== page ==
I’ve found a few mistakes I’ve made and wish I could take back. So here are some current thoughts. Some apply specifically to containers, some to gardening in general, since this was originally a response to a neighbor’s query on Nextdoor.com about getting started with container gardening.
1. I wish I had started with Sub-Irrigated Planters (SIP) from the beginning, for all those veggies for which it’s appropriate (doesn’t work for potatoes, sweet potatoes, probably carrots, beets, and other super deep taproot veggies like okra). It’s a lot more work before you can get a plant into the container, but it saves so much water, makes the soil environment more stable between waterings (and you can even go without watering for periods you could not possibly get away with otherwise), and it reduces or completely eliminates mess from the pots draining onto the deck or concrete (you DO have drainage holes in all containers, right? It’s either a SIP, or it NEEDS drainage). Plenty of videos on Youtube explain how it’s done, and it’s probably not for everybody – especially folks with a strong aversion to plastics. But… we’re in a super-drought, folks! Anything to save water is a good thing.
2. I wish I realized the quality differences between bagged soils/potting mixes at the big box stores. The cheapest ones do NOT have enough fertilizer already added, or worse, are nothing but partly/poorly composted wood chips stuffed into a bag – no compost, no fertilizer, no perlite. The most expensive ones are loaded with artificial fertilizers that make your plants “explode” with growth – but… they’re “drug addicts” as I’ve heard one organic gardener describe them. The bagged mixes labeled organic “patio” or “container” are a much better start. But even these WILL need to be augmented with fertilizer as your plants grow – some will need quite a bit. At this point I’m just mixing my own potting mix going forward, as I use up the remainder of my pre-mixed bags (which I’m definitely “improving” with more perlite and more organic fertilizer as I use them). There are many websites with DIY soil mix recipes, and these will even save a BUNCH of money if you need enough of the stuff. Plus you get to customize the mix toward the use (trees vs seedlings, citrus vs tomatoes, etc).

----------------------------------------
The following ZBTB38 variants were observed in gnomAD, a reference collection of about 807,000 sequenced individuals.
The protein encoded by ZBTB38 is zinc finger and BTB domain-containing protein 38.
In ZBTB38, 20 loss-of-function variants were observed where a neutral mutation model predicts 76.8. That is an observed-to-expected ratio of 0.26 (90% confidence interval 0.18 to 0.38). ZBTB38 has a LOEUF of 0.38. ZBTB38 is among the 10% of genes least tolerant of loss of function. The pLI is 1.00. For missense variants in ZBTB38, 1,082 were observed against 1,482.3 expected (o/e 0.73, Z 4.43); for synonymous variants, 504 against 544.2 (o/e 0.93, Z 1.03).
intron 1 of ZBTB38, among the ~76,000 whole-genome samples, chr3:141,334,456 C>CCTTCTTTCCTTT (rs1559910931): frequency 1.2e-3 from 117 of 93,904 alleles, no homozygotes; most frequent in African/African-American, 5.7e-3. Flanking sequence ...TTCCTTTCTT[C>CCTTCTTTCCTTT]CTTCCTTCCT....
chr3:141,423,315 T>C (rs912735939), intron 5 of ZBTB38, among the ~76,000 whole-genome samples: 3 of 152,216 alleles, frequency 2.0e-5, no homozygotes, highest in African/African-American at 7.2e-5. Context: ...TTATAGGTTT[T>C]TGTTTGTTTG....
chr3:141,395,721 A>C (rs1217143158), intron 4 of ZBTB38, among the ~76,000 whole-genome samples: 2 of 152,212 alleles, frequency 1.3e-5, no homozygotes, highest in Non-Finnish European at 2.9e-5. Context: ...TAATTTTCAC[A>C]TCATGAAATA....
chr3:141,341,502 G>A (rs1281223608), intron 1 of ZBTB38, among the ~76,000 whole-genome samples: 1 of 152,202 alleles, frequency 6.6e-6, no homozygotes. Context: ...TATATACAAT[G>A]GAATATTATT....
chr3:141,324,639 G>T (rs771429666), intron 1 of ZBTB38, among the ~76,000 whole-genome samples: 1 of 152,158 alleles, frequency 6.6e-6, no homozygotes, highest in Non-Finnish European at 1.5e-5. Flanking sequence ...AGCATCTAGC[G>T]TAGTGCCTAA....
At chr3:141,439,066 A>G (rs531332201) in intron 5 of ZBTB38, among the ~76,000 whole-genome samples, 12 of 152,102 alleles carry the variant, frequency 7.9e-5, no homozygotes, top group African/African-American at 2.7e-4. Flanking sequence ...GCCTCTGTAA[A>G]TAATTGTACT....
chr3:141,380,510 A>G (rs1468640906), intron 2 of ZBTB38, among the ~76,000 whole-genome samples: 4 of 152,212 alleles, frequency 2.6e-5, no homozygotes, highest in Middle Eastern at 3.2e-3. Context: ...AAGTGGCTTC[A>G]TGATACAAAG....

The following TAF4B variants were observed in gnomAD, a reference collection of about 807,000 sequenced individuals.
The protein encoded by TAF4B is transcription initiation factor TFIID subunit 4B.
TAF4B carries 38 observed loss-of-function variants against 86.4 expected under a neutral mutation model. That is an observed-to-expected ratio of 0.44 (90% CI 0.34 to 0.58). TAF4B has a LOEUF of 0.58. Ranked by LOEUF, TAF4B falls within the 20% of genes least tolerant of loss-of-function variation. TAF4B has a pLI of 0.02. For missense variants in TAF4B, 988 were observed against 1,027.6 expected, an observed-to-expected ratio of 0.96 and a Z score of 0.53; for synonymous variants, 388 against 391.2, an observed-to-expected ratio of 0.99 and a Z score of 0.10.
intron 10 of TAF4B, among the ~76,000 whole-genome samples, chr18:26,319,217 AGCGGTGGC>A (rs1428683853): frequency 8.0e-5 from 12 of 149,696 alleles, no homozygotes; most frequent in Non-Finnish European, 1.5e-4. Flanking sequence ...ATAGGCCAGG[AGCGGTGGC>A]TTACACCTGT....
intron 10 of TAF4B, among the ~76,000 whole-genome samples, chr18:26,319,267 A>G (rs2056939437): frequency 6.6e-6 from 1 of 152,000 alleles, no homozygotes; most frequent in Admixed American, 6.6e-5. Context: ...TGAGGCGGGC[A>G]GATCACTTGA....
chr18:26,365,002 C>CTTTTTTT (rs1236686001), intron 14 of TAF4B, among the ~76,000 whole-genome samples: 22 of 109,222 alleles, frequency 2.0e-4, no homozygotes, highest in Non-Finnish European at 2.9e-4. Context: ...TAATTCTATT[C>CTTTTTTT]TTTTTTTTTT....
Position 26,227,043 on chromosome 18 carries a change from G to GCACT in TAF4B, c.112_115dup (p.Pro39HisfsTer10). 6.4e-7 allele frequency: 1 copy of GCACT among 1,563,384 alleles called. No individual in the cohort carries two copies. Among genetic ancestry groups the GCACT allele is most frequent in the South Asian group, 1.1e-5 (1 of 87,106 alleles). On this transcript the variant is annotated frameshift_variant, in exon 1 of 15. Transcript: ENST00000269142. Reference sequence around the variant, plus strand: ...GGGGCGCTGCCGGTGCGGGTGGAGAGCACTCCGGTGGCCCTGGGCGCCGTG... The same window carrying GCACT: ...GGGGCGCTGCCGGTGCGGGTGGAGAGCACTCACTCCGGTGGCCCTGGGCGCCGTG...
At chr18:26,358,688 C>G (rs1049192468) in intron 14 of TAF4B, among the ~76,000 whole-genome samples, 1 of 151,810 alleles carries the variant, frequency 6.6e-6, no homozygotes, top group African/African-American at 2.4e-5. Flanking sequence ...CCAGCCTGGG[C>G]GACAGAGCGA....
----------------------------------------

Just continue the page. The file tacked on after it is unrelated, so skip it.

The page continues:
3. Observe your plants carefully. It’s easy to over water when we have consecutive cool days like the last week or so. This will manifest itself in wilting and/or yellowing leaves. And it’s quite easy to UNDER water when the days are super hot, like a 4-5 day heat wave we had about 3 weeks ago – I had to water twice every day. I always water in the morning, as early as I can (these COVID-19 lockdown days, that’s about 9am), and on a hot, dry day, I’ve found many plants are bone dry and wilting by 3pm. If you stick a finger through the mulch layer into the soil a little way from where you think you might damage roots, and about an inch deep, and the soil is cool and feels lightly damp and sticks a tiny bit to your skin when you pull your finger out – that’s great. You’ll notice that un-glazed clay pots dry out FAST, and plastic dries out the slowest. Black pots get hotter and dry out faster than lighter colors, etc. And some plants (like eggplant!) wilt quickly and pathetically if their soil gets dry at all.
4. Frequently inspect your garden at NIGHT with a flashlight or better yet, a hands-free headlamp. This is the only time you can observe certain pests and take the necessary steps to quell them. Plus it’s just NICE at night. So cool and even quieter…
5. Take notes and pictures, dates etc, whether in a journal or some other method. This is SO valuable.